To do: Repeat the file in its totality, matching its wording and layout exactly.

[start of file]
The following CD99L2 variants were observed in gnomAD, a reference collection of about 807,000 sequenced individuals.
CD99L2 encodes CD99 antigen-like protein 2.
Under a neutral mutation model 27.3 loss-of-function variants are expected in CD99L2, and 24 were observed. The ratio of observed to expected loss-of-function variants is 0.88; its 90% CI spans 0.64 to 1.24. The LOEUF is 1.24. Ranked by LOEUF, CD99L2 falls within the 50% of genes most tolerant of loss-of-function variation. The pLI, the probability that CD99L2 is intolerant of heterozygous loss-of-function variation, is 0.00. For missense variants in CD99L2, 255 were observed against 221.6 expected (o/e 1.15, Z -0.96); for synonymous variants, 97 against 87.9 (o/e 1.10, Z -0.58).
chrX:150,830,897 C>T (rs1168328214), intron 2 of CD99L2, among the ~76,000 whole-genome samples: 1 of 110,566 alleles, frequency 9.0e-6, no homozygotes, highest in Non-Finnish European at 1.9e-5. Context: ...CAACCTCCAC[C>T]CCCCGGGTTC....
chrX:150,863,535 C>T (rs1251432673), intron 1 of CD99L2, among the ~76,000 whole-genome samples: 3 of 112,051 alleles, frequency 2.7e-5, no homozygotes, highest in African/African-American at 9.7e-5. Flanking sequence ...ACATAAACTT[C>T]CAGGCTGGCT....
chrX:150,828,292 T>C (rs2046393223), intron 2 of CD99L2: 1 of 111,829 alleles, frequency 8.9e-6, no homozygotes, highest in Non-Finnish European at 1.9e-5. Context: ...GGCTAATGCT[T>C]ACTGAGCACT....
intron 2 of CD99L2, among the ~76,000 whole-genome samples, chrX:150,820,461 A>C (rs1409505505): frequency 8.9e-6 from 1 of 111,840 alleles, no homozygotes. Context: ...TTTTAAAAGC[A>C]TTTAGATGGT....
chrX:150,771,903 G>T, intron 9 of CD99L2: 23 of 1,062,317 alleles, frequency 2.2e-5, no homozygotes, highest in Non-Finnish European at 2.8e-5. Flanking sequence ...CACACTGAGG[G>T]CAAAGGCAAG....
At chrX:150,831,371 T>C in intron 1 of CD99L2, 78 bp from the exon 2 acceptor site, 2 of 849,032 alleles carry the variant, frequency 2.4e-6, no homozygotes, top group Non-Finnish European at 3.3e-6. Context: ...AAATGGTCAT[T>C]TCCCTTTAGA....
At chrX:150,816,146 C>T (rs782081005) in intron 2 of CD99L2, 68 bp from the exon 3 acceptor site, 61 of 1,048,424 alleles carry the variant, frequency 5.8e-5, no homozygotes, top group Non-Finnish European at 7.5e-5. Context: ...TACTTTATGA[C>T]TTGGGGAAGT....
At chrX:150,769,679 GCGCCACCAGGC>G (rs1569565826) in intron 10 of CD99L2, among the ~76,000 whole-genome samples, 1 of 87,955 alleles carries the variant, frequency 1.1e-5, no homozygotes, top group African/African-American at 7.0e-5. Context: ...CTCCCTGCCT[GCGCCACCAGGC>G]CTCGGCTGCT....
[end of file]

The following CD99L2 variants were observed in gnomAD, a reference collection of about 807,000 sequenced individuals.
CD99L2 encodes CD99 antigen-like protein 2.
Under a neutral mutation model 27.3 loss-of-function variants are expected in CD99L2, and 24 were observed. The ratio of observed to expected loss-of-function variants is 0.88; its 90% CI spans 0.64 to 1.24. The LOEUF is 1.24. Ranked by LOEUF, CD99L2 falls within the 50% of genes most tolerant of loss-of-function variation. The pLI, the probability that CD99L2 is intolerant of heterozygous loss-of-function variation, is 0.00. For missense variants in CD99L2, 255 were observed against 221.6 expected (o/e 1.15, Z -0.96); for synonymous variants, 97 against 87.9 (o/e 1.10, Z -0.58).
chrX:150,830,897 C>T (rs1168328214), intron 2 of CD99L2, among the ~76,000 whole-genome samples: 1 of 110,566 alleles, frequency 9.0e-6, no homozygotes, highest in Non-Finnish European at 1.9e-5. Context: ...CAACCTCCAC[C>T]CCCCGGGTTC....
chrX:150,863,535 C>T (rs1251432673), intron 1 of CD99L2, among the ~76,000 whole-genome samples: 3 of 112,051 alleles, frequency 2.7e-5, no homozygotes, highest in African/African-American at 9.7e-5. Flanking sequence ...ACATAAACTT[C>T]CAGGCTGGCT....
chrX:150,828,292 T>C (rs2046393223), intron 2 of CD99L2: 1 of 111,829 alleles, frequency 8.9e-6, no homozygotes, highest in Non-Finnish European at 1.9e-5. Context: ...GGCTAATGCT[T>C]ACTGAGCACT....
intron 2 of CD99L2, among the ~76,000 whole-genome samples, chrX:150,820,461 A>C (rs1409505505): frequency 8.9e-6 from 1 of 111,840 alleles, no homozygotes. Context: ...TTTTAAAAGC[A>C]TTTAGATGGT....
chrX:150,771,903 G>T, intron 9 of CD99L2: 23 of 1,062,317 alleles, frequency 2.2e-5, no homozygotes, highest in Non-Finnish European at 2.8e-5. Flanking sequence ...CACACTGAGG[G>T]CAAAGGCAAG....
At chrX:150,831,371 T>C in intron 1 of CD99L2, 78 bp from the exon 2 acceptor site, 2 of 849,032 alleles carry the variant, frequency 2.4e-6, no homozygotes, top group Non-Finnish European at 3.3e-6. Context: ...AAATGGTCAT[T>C]TCCCTTTAGA....
At chrX:150,816,146 C>T (rs782081005) in intron 2 of CD99L2, 68 bp from the exon 3 acceptor site, 61 of 1,048,424 alleles carry the variant, frequency 5.8e-5, no homozygotes, top group Non-Finnish European at 7.5e-5. Context: ...TACTTTATGA[C>T]TTGGGGAAGT....
At chrX:150,769,679 GCGCCACCAGGC>G (rs1569565826) in intron 10 of CD99L2, among the ~76,000 whole-genome samples, 1 of 87,955 alleles carries the variant, frequency 1.1e-5, no homozygotes, top group African/African-American at 7.0e-5. Context: ...CTCCCTGCCT[GCGCCACCAGGC>G]CTCGGCTGCT....